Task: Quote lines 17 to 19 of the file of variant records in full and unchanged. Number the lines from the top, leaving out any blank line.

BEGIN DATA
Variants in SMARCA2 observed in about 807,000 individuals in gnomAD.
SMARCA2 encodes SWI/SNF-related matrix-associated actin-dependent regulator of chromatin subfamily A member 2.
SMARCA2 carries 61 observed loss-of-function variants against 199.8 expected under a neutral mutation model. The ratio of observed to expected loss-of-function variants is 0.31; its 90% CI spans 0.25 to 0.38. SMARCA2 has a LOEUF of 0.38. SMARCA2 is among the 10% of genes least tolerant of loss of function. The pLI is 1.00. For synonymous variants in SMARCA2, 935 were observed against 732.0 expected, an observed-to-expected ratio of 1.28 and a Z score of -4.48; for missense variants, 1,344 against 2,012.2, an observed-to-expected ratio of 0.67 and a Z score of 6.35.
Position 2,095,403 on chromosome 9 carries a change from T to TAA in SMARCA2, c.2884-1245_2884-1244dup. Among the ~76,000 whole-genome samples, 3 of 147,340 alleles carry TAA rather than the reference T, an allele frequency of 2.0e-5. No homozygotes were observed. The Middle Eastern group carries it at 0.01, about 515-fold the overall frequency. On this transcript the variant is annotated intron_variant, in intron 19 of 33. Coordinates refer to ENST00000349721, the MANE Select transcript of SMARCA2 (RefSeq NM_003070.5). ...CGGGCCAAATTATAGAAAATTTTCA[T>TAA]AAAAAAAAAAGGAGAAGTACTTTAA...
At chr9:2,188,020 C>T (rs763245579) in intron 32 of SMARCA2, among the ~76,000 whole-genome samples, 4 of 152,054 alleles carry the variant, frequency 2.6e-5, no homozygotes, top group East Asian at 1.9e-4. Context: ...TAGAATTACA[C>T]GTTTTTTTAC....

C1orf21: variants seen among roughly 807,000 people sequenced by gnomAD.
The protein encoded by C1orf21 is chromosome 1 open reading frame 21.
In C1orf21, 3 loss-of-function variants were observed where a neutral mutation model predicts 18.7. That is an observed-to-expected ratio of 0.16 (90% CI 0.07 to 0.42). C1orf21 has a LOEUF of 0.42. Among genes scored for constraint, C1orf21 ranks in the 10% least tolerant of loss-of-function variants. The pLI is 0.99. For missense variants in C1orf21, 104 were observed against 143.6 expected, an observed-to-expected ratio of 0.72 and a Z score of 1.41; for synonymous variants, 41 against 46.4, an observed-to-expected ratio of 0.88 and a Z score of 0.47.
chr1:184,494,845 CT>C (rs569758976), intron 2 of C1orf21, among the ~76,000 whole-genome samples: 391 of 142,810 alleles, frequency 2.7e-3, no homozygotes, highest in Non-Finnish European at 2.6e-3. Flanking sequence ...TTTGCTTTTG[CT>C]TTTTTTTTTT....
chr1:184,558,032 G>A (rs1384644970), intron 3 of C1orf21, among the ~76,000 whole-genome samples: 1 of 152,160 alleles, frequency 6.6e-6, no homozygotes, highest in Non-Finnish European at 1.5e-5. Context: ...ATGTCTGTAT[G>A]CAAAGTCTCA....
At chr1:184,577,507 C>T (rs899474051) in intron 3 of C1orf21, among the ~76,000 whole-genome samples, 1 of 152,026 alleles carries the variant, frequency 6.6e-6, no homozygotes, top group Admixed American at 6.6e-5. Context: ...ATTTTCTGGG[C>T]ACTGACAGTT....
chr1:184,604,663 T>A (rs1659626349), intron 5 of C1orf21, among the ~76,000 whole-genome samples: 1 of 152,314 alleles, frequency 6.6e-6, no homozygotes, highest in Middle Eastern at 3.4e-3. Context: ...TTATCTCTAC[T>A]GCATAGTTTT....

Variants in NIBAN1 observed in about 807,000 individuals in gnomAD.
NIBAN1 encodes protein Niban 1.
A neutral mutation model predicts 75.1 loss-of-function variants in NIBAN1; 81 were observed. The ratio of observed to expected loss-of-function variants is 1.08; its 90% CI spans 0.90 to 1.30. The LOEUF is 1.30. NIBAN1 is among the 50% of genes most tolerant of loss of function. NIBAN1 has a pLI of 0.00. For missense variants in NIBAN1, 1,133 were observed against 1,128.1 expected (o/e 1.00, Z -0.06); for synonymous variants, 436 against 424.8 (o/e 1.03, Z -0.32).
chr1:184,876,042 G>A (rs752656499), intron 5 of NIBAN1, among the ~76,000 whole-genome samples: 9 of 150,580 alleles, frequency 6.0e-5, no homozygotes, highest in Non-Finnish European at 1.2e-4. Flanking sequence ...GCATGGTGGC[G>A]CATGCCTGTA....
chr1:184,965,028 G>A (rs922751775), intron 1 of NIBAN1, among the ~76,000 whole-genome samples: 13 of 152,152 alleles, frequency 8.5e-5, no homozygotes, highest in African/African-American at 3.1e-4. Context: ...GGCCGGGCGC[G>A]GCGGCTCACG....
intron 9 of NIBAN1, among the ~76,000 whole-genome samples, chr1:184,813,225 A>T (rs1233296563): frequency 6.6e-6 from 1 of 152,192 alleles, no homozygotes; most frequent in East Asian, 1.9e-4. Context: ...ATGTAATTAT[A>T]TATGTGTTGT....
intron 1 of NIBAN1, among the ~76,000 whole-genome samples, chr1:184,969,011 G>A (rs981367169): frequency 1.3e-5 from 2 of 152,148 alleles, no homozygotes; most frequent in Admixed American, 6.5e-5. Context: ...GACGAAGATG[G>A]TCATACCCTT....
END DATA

chr1:184,965,028 G>A (rs922751775), intron 1 of NIBAN1, among the ~76,000 whole-genome samples: 13 of 152,152 alleles, frequency 8.5e-5, no homozygotes, highest in African/African-American at 3.1e-4. Context: ...GGCCGGGCGC[G>A]GCGGCTCACG....
intron 9 of NIBAN1, among the ~76,000 whole-genome samples, chr1:184,813,225 A>T (rs1233296563): frequency 6.6e-6 from 1 of 152,192 alleles, no homozygotes; most frequent in East Asian, 1.9e-4. Context: ...ATGTAATTAT[A>T]TATGTGTTGT....
intron 1 of NIBAN1, among the ~76,000 whole-genome samples, chr1:184,969,011 G>A (rs981367169): frequency 1.3e-5 from 2 of 152,148 alleles, no homozygotes; most frequent in Admixed American, 6.5e-5. Context: ...GACGAAGATG[G>A]TCATACCCTT....